I’ve done a few triathlons in the past couple of years, and I enjoy the competition and feeling of accomplishment at the finish line. When I decided to come to Taiwan to teach, I added “Triathlon in a foreign country” to my Bucket List.
So, when my boss told me about an annual event right here in Wugu, I was stoked. The 2011 National Wugu Highway Biathlon Invitational is an event that includes biking 22km along the 64 East Expressway through New Taipei City (they closed the freeway!) and running 8km through the streets of Wugu (they did NOT close the streets....). I signed up, paid my $25US (only $25!!!!), borrowed a bike and helmet, and started getting ready.
My 5:30am alarm was more than a little painful -- I’m used to sleeping until AT LEAST 9am these days. But up and at ‘em! My two roommates, Abi and Muni, came along to be my cheerleaders, along with several other friends from their church. I was an official member of the Wugu Church team, matching jerseys and all!
|My cheerleaders: Nick, Abi, Muni, and Oscar|
|Team Wugu Church|
I was bib number 914, and I was in the last heat to start biking. As I rounded the corner to start my ascent up the freeway onramp, I quickly realized that the mountain bike I borrowed from my landlord was not going to be quite as fast as my beloved road bike at home. I also realized that the view from this bike ride was going to be amazing, and perhaps speed was not what I really wanted. The 64 East Expressway is an elevated highway, so I could see out over the skyline of Taipei and wonderful Wugu below.
As I cycled on down the 22km bike course, I looked out over the mountains of Taiwan, temples tucked into the valleys, cemeteries built on the mountainsides, and low-hanging clouds covering the mountaintops. Beautiful! I peddled harder and harder on that Giant mountain bike, and still people passed me on their speedy bikes. But I didn’t care that I wasn’t making good time; all I could think was, “I should have brought my camera!”
At one point, the expressway tunneled through a mountain. How many people can say they’ve ridden their bike through a mountain in Taiwan? Well, I guess all the people in the biathlon can..... but I’m one of them!! As I biked back towards the transition area, I got another view of the Taipei skyline. There I was, doing one of my favorite activities -- biking -- on an elevated freeway in Taiwan, looking out at Taipei 101 in the distance. It was decided: This was one of the coolest things I’ve ever done in my life!
I rolled down the exit ramp in my best tuck form that I could muster, and there were my cheerleaders shouting encouragement and taking pictures! If I wasn’t already on a biking high, that would have given me all the motivation I needed to get ready to run!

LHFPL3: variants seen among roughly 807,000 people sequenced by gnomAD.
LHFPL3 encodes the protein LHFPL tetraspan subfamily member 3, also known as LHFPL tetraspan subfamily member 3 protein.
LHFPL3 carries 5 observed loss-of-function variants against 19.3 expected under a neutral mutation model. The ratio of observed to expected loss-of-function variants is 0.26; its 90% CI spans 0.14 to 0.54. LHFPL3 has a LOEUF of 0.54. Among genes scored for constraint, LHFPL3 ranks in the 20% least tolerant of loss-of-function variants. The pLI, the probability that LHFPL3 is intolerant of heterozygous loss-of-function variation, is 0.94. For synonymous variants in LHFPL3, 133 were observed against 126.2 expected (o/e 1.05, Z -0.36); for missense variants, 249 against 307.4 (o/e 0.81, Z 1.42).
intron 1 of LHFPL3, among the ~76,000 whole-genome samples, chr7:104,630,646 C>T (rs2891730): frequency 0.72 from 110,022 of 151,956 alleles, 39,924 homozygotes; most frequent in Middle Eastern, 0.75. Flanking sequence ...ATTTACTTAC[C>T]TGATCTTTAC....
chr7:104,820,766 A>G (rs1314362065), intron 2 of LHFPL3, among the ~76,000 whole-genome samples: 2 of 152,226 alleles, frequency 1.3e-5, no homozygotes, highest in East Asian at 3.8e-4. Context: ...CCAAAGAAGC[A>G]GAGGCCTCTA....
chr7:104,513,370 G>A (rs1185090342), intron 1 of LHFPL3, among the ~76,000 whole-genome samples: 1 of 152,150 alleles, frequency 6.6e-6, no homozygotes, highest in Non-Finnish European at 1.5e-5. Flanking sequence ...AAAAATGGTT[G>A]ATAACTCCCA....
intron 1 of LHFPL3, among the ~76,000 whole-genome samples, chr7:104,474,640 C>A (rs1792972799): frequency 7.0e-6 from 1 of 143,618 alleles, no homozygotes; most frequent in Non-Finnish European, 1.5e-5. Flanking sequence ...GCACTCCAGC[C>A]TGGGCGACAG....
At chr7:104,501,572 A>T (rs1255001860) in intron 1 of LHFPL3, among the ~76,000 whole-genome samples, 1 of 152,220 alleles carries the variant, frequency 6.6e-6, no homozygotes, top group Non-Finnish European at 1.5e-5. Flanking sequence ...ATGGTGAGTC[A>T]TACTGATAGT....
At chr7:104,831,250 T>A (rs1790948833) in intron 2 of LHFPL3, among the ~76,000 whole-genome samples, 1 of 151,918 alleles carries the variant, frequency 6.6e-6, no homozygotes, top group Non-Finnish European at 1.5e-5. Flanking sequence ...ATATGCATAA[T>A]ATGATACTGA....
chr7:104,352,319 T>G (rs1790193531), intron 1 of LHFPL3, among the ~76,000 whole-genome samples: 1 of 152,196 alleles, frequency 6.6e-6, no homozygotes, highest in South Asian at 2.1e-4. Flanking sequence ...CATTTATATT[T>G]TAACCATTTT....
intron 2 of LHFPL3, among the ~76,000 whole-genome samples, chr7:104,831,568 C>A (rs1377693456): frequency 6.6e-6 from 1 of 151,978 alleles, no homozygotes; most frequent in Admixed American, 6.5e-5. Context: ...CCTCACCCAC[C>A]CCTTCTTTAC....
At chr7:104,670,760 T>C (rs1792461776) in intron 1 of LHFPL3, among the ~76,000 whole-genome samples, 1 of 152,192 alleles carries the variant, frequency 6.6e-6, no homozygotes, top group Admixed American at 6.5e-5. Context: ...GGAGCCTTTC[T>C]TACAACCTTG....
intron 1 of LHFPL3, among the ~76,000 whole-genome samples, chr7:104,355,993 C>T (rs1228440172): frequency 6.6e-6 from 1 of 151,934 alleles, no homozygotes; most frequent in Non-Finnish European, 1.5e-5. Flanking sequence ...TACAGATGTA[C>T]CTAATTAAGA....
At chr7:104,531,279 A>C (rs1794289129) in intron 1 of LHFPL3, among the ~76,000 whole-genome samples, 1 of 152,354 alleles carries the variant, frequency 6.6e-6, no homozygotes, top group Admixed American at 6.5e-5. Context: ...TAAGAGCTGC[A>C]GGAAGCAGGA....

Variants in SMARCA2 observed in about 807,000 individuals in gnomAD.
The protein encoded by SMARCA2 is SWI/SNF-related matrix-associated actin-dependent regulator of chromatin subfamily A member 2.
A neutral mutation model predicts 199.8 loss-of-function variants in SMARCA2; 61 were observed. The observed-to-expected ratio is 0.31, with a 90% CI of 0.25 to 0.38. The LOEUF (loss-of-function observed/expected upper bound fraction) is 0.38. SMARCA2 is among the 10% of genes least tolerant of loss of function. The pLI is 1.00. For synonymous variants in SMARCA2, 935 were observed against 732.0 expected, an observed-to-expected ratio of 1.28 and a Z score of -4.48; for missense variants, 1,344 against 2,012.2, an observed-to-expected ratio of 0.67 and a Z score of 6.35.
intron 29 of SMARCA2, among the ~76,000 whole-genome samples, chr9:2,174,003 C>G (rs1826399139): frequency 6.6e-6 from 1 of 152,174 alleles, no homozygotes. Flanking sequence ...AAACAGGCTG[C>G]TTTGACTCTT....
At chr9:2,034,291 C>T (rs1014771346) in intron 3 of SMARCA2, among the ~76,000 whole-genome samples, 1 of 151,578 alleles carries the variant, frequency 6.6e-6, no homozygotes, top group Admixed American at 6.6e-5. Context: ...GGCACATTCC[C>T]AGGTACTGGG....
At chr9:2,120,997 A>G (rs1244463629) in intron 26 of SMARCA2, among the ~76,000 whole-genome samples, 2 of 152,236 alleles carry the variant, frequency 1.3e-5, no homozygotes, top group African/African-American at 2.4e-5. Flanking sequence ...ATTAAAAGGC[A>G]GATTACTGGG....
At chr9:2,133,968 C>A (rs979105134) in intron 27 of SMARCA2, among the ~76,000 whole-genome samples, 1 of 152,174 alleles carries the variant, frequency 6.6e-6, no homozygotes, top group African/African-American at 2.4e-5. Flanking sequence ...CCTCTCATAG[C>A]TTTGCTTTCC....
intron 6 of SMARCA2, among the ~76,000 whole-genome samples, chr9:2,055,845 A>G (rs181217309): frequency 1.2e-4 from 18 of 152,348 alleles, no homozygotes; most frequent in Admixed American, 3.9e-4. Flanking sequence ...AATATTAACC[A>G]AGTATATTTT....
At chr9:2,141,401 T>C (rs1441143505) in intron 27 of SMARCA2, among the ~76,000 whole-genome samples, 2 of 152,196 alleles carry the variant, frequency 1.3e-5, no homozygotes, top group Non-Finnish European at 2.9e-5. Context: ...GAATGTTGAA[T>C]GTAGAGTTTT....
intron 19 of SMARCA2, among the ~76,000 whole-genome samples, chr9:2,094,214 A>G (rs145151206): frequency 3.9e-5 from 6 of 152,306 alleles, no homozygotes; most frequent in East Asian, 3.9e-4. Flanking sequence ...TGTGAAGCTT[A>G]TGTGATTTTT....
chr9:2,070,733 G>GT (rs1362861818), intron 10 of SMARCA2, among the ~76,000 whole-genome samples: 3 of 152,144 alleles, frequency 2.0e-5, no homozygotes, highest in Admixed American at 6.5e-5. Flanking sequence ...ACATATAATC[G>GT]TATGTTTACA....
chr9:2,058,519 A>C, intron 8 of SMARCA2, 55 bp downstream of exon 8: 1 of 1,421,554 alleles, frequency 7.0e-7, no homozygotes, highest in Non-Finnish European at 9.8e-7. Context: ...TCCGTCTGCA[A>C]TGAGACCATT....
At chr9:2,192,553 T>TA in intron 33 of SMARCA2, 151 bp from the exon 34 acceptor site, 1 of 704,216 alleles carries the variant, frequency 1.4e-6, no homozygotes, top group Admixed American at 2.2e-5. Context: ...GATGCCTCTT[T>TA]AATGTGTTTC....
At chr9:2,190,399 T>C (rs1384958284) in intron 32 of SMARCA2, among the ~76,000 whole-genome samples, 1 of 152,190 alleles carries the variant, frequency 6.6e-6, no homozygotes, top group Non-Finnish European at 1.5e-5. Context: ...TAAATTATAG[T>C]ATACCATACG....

The weather was perfect for running. It was cool, overcast, with a slight breeze. Did I mention that this race was in November? Couldn’t ask for this weather in Wisconsin and expect not to be laughed at. The running course took us on a couple of loops through the streets of Wugu. Not the most exciting or picturesque course, but the streets were lively and lined with people cheering on the racers! I set my pace with a woman just ahead of me, who I kept calling wo de pao bu pengyou. That probably doesn’t translate exactly, but in my head, in my own version of broken Chinese, it means “my running friend.”
|Run, Forrest! Run!|
I ran the course, only walking through the water stations, and when I noticed that I was nearing the finish line, I realized that this was the farthest I had ever run in my entire life! I’ve done 5k races without walking, but not 8k. Maybe it’s not that impressive, but I was happy with that little accomplishment. I looked at my watch and saw that if I gave it an extra kick, I could finish the race in under 2 hours. I gave it all my effort and beelined towards the finish line.
|The end is near!|
|Ha! Look, my feet don't even leave the ground at the same time! I'm basically walking.|
My cheerleaders were waiting for me at the end, and they were so supportive and happy for me! I crossed the line and was handed a card telling me I was finisher number 341. Now, I’m not sure how they decided that because I started at number 914 and I know for sure I did not pass 600 people. But oh well, I’ll take it!
|Winner, winner! Chicken dinner!|
The race wasn’t chip timed, but I had my watch and kept up with the splits. My “official” time was 2:00:56, with splits 1:04:21 bike, 0:03:39 transition, and 0:52:35 run.
My exercise high was in full effect the rest of the day. Funny how that exhilaration can last far beyond the finish line.
The race was a biathlon, not a triathlon, but I’m going to take some personal liberties and go ahead and check that off my Bucket List.